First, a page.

Let's have a 'sensitive' war

John Leo

11/7/2001 12:00:00 AM - John Leo
By late 1942, after Adolf Hitler had invaded most of the nations of Europe, relentlessly bombed England and declared war on the United States, the vexing question naturally arose: What's better, to fight back or to sit down and study the root causes of Germany's behavior?

Some impetuous students simply rushed off campus to defend their homelands. But their professors knew that many semester hours of causal analysis lay ahead, especially since several very promising root-cause seminars in Poland and Belgium had been interrupted by Panzer divisions rolling through on their way to Paris.

The root-causists agreed that Germany had been badly misunderstood and that Britain and America had brought the terror of war upon themselves. Some pointed to misguided policies -- not handing over the Rhineland and Czechoslovakia to Hitler quickly enough, for example. Others thought the deepest roots of the root causes were in the eighth century. That was when the Teutonic knights were treated discourteously by newly Christianized Slavs, thus setting the stage for a perfectly understandable "religious war" between the pagan Nazis and majority Christian nations 13 centuries later.

One problem with the growing sympathy for Hitler was the unsettling news that the Nazis were rounding up and killing Jews, some 6 million of them. But the Episcopal bishops of the United States were able to put this in perspective. In a soothing formal statement titled "Wage Reconciliation, Not War," they said that while killing so many people is surely not a good thing, it is also true that 6 million children die of natural causes every few years without attracting nearly as much attention.

When President Roosevelt and Prime Minister Churchill put together their "broad coalition" to fight Hitler, they ran into unexpected problems. One ally said it would fight only if the war could end within two months. A few wanted a cash payoff before joining up. One was willing to fight without a bribe but would cease fighting if it didn't like the looks of the probable postwar government in Norway. And one said, we are with you all the way, but we can't send troops, and you can't use our airfields or our airspace. And please don't mention that we're on your side.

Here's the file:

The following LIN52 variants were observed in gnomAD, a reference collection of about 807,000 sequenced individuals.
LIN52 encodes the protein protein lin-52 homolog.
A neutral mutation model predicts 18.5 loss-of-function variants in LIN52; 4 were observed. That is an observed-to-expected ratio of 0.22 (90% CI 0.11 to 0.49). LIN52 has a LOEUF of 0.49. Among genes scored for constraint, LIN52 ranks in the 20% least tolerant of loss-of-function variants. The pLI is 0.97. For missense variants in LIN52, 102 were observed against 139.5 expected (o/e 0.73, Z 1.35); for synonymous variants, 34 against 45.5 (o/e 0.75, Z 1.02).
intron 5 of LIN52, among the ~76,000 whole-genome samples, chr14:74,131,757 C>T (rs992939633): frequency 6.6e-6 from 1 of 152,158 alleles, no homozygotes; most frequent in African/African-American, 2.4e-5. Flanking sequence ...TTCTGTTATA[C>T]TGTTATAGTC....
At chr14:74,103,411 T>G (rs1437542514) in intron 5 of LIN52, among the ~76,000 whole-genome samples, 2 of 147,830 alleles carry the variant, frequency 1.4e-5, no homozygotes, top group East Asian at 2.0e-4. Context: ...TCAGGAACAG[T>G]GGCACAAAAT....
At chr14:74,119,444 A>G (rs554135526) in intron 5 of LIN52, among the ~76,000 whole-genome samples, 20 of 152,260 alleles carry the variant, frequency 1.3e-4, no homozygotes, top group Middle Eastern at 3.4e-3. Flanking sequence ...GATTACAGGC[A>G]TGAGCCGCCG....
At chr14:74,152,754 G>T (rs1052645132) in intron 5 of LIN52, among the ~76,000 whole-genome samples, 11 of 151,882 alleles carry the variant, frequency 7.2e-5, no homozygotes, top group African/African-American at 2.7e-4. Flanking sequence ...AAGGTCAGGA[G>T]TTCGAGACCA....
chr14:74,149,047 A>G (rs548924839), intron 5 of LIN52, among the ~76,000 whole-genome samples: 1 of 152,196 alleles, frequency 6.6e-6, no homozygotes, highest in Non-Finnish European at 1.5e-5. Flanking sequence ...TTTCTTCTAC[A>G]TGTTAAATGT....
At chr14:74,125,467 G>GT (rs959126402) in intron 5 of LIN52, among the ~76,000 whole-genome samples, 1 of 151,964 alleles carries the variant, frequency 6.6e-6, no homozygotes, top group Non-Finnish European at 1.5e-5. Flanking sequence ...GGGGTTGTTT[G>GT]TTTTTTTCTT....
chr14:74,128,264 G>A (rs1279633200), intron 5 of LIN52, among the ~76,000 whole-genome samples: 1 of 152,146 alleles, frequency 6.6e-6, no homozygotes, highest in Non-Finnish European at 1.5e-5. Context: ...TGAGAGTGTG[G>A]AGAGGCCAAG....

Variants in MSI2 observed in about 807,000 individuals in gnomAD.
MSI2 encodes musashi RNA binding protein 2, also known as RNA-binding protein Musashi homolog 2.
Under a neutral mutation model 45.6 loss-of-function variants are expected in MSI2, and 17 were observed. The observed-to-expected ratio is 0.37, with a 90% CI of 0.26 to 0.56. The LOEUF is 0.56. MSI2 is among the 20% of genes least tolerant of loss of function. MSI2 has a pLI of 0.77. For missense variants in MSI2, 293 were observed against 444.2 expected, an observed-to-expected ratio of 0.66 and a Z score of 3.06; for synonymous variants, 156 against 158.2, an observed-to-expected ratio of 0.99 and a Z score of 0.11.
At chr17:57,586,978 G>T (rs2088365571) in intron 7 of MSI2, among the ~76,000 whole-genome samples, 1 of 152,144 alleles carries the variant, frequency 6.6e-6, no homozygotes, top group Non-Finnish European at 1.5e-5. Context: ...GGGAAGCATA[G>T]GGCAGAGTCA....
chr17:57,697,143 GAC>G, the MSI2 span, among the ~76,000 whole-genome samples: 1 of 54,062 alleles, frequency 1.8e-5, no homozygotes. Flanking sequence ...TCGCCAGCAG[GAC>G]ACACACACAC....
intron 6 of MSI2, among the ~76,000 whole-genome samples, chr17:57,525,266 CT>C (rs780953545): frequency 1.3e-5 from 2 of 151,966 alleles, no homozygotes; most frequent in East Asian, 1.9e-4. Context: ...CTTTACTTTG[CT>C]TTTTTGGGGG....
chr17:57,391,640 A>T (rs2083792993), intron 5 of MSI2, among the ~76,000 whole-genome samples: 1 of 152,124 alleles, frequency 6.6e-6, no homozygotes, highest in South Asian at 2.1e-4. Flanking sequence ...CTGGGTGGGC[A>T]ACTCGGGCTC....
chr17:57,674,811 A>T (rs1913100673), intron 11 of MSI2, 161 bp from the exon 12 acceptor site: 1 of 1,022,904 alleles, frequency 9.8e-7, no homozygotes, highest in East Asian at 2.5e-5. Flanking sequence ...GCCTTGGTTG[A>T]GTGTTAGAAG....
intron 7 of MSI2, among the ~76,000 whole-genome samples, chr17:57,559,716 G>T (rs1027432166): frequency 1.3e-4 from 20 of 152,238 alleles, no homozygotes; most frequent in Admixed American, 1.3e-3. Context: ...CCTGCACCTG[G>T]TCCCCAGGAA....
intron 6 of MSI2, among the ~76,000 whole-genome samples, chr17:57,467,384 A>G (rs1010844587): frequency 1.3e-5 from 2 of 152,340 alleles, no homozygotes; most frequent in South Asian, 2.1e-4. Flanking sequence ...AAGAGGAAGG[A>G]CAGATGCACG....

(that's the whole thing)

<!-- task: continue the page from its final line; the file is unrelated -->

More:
As if that weren't bad enough, the Allies had to confront the ticklish question of whether to suspend the bombing of Germany during Oktoberfest. The Nazis, in fact, had already killed several million people during previous October beer-drinking festivals, but they were known to be very much opposed to being shot at themselves during this culturally important period. "What's next? Bombing during Lent?" asked a New York Times editorial. It appeared under the headline "Let's Bomb, but Sensitively."

Several papers ran daily photographs of dead German children, helpfully provided by Berlin. As a result, some columnists pronounced themselves shocked into second thoughts. Nobody had told them that children sometimes die in war. They had been led to believe that Allied bombs, though dropped from 30,000 feet, would fall only upon the heads of German troops and Nazi-armband wearers.

Another problem was that German saboteurs were known to be crawling all over America, but the FBI was reluctant to arrest any lest it be accused of "racial profiling" or outright ethnic insensitivity. Besides, if you start arresting German-Americans, German speakers all around the world and all students who have ever studied German or visited Germany will hate Americans forever.

National Public Radio weighed in with a 19-part series reporting widespread bias against German-Americans. The series said Americans of German descent had been targets of 100,000 hate crimes -- two had been shot at, three had suffered punches in the nose, one had been slapped with a bratwurst, and 99,994 had received hurtful sidelong glances or insincere hellos from neighbors.

NPR also announced it had decided to cover the war by attending every meeting of the Berkeley, Calif., city council. NPR reported that the council, by a 7-to-2 vote, decided not to declare war on either Germany or Japan. Instead, the nine members and all 10,000 students at Berkeley lighted candles and declared themselves individual hate-free zones.

Somehow, however, America and Britain won the war and established the peace, probably because they ignored all the amazing nonsense around them and just fought the good fight. But then some people always prefer standing around with scented candles instead of attacking the darkness.